Let’s celebrate! A surf shop’s value according to Shaun Tomson, world champion surfer, environmentalist, and author: “Surf shops supply what surfers truly need – not what they want, but what they truly need – a great board, a wetsuit, some surf shorts, wax, and a few accessories. Products designed around that existential experience of paddling out towards that open horizon, waiting, and watching, and then swinging around, catching that wave, and getting stoked. Everything else is detail around this core. The entire surfing industry, and every dollar ever paid, is essentially to satisfy that need of being stoked.” Surf Shop Day is the day to celebrate the independent retailers that helped build and continue to maintain the surf industry. These surf shops are where so many of us found our surf stoke – the euphoric smell of surf wax, neoprene wetsuits, and resin curing from a fresh batch of surfboards. Surf Shop Day will celebrate the heart and soul of our business and what it means to our industry and its growth, from the hardworking owners to the enthusiastic sales staff, to the relentless sales reps who keep the machine of stoke going for customers. Let’s shine a light on surf shops in all communities, recognize those who have been there from the early days and throw sunlight on the new ones bringing fresh ideas and enthusiasm to make the in-person, brick-and-mortar experience more exciting. Retailers and brands are encouraged to find their own way of celebrating Surf Shop Day to bring positive attention to our culture, sport, and industry. To help stoke the imagination, the Surf Industry Members... read more

“Outdoor Sports Insurance Shares Best Crime-Prevention Practices Amid 50% Rise in Theft Claims” by Amos Horn via OSI (BRA Supporting Vendor Partner)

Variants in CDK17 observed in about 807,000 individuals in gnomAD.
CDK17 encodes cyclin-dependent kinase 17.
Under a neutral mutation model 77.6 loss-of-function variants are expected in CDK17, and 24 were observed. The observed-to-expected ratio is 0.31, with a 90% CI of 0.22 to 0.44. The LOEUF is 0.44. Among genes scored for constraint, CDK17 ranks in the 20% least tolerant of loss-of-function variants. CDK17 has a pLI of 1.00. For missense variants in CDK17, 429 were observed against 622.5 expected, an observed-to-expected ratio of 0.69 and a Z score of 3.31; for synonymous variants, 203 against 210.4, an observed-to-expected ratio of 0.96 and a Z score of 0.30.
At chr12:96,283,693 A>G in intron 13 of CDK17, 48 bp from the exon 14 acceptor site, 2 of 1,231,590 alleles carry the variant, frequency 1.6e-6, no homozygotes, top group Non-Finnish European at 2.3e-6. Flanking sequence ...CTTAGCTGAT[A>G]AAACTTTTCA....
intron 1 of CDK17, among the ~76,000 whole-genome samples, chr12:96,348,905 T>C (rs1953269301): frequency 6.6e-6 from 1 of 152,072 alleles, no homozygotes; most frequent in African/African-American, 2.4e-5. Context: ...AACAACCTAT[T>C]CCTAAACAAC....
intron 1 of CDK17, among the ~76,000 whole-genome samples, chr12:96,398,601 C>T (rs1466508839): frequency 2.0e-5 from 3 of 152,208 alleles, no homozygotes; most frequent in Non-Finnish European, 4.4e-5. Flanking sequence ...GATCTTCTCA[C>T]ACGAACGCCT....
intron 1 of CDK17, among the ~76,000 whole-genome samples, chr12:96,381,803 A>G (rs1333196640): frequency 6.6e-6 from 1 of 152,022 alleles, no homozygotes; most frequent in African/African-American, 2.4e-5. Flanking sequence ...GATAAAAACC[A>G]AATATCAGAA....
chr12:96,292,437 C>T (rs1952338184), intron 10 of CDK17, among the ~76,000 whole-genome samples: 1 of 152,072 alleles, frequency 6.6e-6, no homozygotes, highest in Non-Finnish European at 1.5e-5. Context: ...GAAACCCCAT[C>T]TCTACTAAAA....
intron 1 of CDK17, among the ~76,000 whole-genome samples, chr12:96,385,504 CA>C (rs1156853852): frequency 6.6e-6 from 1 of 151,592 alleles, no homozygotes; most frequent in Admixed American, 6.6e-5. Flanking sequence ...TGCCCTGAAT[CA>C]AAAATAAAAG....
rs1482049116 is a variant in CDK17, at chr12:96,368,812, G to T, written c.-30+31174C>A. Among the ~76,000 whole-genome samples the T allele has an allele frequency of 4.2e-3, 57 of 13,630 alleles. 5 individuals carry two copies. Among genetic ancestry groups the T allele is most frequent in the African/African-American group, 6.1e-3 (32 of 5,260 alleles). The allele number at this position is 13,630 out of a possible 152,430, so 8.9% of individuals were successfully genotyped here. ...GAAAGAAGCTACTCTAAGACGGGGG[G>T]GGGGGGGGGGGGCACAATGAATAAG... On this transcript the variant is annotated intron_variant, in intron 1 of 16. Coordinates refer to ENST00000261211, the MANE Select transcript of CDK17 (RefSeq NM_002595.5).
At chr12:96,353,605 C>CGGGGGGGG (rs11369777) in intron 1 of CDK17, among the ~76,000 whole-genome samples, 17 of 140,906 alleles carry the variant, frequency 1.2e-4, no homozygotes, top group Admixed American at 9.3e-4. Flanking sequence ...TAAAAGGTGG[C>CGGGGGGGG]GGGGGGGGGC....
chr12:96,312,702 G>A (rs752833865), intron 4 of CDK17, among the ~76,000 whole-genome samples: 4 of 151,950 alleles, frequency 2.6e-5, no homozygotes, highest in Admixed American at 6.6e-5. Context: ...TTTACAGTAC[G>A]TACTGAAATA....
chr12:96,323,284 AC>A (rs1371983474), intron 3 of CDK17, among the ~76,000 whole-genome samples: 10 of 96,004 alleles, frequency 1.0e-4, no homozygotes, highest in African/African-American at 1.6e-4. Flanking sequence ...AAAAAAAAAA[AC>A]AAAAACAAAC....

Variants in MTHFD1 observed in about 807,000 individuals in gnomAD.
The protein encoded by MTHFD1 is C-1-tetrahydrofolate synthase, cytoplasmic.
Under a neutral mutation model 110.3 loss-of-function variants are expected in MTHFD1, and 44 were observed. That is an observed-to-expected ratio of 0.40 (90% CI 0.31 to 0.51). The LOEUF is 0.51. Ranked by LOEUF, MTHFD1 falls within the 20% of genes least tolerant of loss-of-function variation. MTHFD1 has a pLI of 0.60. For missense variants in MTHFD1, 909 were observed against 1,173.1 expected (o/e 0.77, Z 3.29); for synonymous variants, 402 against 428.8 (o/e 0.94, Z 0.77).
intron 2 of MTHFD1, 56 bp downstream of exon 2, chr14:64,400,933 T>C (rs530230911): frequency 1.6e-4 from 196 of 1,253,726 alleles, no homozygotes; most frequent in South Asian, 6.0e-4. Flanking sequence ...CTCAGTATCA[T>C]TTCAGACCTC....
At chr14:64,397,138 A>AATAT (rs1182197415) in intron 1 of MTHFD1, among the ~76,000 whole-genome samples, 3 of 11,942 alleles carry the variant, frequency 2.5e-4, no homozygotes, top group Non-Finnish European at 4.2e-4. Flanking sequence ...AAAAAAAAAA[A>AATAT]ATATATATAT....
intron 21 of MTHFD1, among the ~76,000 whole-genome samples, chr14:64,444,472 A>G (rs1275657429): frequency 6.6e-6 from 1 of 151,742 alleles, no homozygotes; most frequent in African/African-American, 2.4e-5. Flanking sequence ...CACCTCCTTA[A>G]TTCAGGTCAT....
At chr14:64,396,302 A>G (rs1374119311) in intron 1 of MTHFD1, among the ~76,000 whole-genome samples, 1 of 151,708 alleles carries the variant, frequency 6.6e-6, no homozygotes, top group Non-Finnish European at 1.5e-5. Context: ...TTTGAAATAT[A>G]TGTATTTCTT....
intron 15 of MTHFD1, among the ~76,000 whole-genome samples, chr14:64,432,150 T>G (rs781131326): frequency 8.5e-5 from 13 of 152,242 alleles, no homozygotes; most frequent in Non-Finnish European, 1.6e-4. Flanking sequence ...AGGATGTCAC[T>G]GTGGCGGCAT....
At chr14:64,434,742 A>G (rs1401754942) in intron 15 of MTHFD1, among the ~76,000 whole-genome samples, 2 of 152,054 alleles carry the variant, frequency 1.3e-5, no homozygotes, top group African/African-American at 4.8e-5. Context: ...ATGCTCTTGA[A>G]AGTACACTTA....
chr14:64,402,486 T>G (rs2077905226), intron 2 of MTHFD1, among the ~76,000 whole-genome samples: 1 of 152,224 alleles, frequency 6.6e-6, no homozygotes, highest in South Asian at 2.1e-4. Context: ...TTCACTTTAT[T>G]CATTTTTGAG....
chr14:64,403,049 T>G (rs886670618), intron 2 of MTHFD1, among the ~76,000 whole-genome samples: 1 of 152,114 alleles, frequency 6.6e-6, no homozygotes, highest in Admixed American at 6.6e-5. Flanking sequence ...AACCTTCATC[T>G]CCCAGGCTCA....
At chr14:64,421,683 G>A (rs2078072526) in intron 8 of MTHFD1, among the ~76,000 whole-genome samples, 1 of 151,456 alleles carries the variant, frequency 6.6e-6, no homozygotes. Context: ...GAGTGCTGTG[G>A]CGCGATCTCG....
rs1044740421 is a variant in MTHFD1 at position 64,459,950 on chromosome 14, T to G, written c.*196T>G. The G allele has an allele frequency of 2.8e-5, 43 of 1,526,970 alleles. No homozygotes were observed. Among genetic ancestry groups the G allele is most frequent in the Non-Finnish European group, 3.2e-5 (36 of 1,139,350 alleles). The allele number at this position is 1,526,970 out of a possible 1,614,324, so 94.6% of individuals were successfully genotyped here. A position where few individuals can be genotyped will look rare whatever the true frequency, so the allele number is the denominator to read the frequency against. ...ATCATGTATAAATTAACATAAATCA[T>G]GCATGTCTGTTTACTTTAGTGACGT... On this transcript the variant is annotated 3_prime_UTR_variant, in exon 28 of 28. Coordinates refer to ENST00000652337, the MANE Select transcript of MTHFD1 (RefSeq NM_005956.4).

With headline-making robberies of cycling, skiing, and outdoor retailers becoming a common occurrence, Outdoor Sports Insurance (outdoorsportsins.com) is encouraging outdoor businesses and specialty retailers to reexamine their security practices amidst a nationwide rise in outdoor equipment theft. “With the pandemic, there has not only been a spike in outdoor recreation, but also a spike in the theft of outdoor gear,” said Rob Martin of Outdoor Sports Insurance. “Implementing best practices and taking another look at security protocols can go a long way toward mitigating the problem.” Outdoor Sports Insurance works with over 2,500 specialty retail shops across the country and over the past two years has seen a 50% increase in theft claims, with the size of claims up 37%. From 2019 to 2021, 16% of all Outdoor Sports Insurance claims are theft related. And to make matters worse, one-fifth of those claims appear to be the work of coordinated crime rings. As the value of outdoor equipment is more widely understood, it is more important than ever for brands and specialty retailers to put an emphasis on their crime-prevention tactics. The following suggestions are a good place to start. Understand the ProblemThere are many different ways a person or a group of people can go about stealing merchandise. Understanding such methods as tag swapping, clothing concealment, and employee theft, along with high-risk areas and high-value items in the store, is the first step in addressing the problem. OrganizationA well-organized store with open aisles and uninterrupted lines of sight is important in making it harder for would-be shoplifters to find a place to privately conceal items. The reorganization process... read more